Does Science tell the Truth?
Prof. Dr. Nazeer Ahmed, PhD
The physical sciences make three fundamental assumptions: (1) The Principle of Objectivation, (2) The Principle of Cause and Effect and (3) The Autonomy of Man and Nature. All three assumptions were inherited from the ancient Greeks so that modern science is truly a child of Greek civilization.
The first assumption, the Principle of Objectivation, separates man from nature. It states that the world is an object which exists separate from and independent of the subject, which is the soul of man. This assumption frees man from his obligation and responsibility to care for nature and provides a justification for its exploitation. It also ensures that human feelings, emotions and attributes are absent from the physical world.
Consider an example. The chant of a muezzin calls the faithful to prayer five times a day. His melodious voice floats in the air: God is greater…God is greater… I bear witness that none is worthy of worship except God. The voice of the muezzin resonates with the soul of the faithful and moves his innermost self. He harkens to the call and proceeds to stand before God, shoulder to shoulder with fellow believers, forgetting his worldly pursuits, to reaffirm his pristine relationship with the Creator.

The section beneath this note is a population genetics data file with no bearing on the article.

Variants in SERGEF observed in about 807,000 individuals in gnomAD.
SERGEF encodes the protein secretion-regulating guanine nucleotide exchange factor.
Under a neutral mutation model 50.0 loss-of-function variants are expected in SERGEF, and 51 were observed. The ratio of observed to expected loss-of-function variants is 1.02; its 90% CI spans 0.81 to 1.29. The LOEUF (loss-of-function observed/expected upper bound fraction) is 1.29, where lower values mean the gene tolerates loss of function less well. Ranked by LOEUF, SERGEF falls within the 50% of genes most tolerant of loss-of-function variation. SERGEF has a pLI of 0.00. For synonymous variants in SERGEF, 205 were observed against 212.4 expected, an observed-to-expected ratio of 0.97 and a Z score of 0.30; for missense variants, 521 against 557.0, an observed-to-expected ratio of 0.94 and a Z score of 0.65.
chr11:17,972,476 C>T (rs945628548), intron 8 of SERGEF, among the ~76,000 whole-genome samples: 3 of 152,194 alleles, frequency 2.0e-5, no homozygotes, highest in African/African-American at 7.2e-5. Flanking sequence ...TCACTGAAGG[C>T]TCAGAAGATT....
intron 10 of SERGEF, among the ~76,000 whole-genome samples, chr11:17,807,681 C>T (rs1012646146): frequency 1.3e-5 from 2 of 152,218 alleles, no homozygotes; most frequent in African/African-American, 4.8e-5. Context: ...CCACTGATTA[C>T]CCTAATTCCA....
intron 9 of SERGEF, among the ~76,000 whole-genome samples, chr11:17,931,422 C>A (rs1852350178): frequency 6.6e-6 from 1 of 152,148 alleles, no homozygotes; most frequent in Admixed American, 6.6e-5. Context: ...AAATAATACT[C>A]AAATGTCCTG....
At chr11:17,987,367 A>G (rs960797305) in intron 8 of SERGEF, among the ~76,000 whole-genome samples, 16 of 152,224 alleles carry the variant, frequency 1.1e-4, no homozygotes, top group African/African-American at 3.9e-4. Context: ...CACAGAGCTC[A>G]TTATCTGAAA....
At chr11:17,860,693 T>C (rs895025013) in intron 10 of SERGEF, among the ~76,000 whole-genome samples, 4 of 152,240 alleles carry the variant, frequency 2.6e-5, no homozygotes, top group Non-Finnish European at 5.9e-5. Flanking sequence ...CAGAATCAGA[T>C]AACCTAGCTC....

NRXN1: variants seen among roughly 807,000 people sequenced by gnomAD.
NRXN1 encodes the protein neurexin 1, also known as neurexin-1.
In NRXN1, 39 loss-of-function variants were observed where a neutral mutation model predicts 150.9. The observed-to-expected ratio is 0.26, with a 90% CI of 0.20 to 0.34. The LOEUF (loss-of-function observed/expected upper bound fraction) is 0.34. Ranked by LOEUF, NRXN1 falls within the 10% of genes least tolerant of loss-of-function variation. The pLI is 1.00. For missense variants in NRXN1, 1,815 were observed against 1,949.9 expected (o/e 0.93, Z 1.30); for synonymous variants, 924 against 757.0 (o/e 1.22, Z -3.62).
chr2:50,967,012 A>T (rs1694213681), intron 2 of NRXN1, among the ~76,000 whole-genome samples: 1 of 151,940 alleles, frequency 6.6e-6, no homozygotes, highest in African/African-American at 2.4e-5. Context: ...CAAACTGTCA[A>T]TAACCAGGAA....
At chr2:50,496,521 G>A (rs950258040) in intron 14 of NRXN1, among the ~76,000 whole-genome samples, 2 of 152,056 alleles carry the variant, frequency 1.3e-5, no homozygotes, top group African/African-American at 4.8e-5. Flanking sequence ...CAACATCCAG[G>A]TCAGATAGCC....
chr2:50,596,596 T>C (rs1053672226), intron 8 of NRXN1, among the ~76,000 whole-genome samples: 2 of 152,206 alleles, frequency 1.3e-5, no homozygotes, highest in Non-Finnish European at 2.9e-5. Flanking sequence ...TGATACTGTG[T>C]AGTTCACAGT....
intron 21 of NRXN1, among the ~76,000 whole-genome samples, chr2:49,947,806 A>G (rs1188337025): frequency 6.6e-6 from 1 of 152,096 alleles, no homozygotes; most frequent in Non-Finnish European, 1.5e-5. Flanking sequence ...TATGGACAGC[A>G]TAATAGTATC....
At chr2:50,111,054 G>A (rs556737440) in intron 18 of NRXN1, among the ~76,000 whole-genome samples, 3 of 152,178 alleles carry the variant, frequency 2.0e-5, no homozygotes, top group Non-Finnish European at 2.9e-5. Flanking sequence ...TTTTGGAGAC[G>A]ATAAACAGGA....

Now, ask a ‘scientist’ what he hears in the voice of the muezzin. His answer will be along the following lines:
Sound waves (p-waves) are created by the call to prayer. These waves travel towards you at about 250 meters per second. When the waves hit your ear, they set up mechanical disturbances in the eardrum, which are then converted into electric signals, and travel up through the auditory nerves to the brain.